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Inside ACCESS Soup Kitchen and Men’s Shelter

“Inside ACCESS Soup Kitchen and Men’s Shelter” was produced during the 2023 Picture Kentucky Workshop in Frankfort, Kentucky, where students were randomly assigned subjects in the area to follow and complete a photo story over the course of four days.

The last two years of Brian Pedigo’s life have been nothing but uphill battles.

After the loss of his father and mother just three months later to cancer, Pedigo found himself seeking shelter in the ACCESS Soup Kitchen and Men’s Shelter in Frankfort, Kentucky.

Now, he’s running it.

“My place in the universe is so small … I feel that whatever I do affects other people, and that’s why I try to help,” Pedigo said. “I know I can’t do a lot, I can’t change the course of the world, but at least I can have a positive outcome on other people’s lives.”

Starting some mornings at 3 a.m., Pedigo works as the operations manager to assist in food pick ups, housing vouchers, rehabilitation and serving a hot lunch every day.

Pedigo welcomes anyone who needs to come in for the lunch service but the shelter houses just 16 men. Those staying are required to pass a variety of background and safety checks while also actively working or pursuing a career.

While ACCESS may be named as a shelter, Pedigo emphasized the community aspect inside and out. Local churches and members will volunteer and work alongside some of the men being housed. Efforts revolve around preparing, serving and cleaning up the soup kitchen, as well as daily housing tasks.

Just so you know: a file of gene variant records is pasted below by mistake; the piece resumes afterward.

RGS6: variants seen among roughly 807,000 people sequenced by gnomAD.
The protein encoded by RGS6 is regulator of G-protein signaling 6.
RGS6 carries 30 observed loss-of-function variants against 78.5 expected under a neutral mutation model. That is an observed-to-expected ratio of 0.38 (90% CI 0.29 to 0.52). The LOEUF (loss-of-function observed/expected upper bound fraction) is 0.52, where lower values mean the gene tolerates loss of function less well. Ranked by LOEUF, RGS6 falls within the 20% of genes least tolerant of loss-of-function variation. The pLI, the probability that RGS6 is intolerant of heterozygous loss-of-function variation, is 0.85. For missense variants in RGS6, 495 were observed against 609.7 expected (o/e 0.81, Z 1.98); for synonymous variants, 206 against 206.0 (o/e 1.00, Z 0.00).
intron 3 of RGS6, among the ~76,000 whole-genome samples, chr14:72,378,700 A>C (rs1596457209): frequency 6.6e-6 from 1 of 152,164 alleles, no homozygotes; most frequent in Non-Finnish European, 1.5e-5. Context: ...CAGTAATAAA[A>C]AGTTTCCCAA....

Throughout the day, Pedigo said he will step aside from his desk full of paperwork to interact with community members but at times can find himself struggling.

“Some days I wake up and get on my knees and pray for strength,” Pedigo said. “God put it in my heart to do this.”

Aside from putting his love and dedication into the shelter, he looks after his 11-year-old son, Bryan.

Pedigo has been fighting for full custody for the last year and a half after raising him for a majority of his life. Since the start, Pedigo said his son has been “exposed to too many adult things,” such as drug and alcohol use, along with abuse.

Pedigo said he hopes his next hearing will grant custody rights and give his son a future of happiness and health. 

Through both their personal relationship and time spent at ACCESS, Pedigo said he sees it as a “life learning experience” and will hopefully keep him on the right path.

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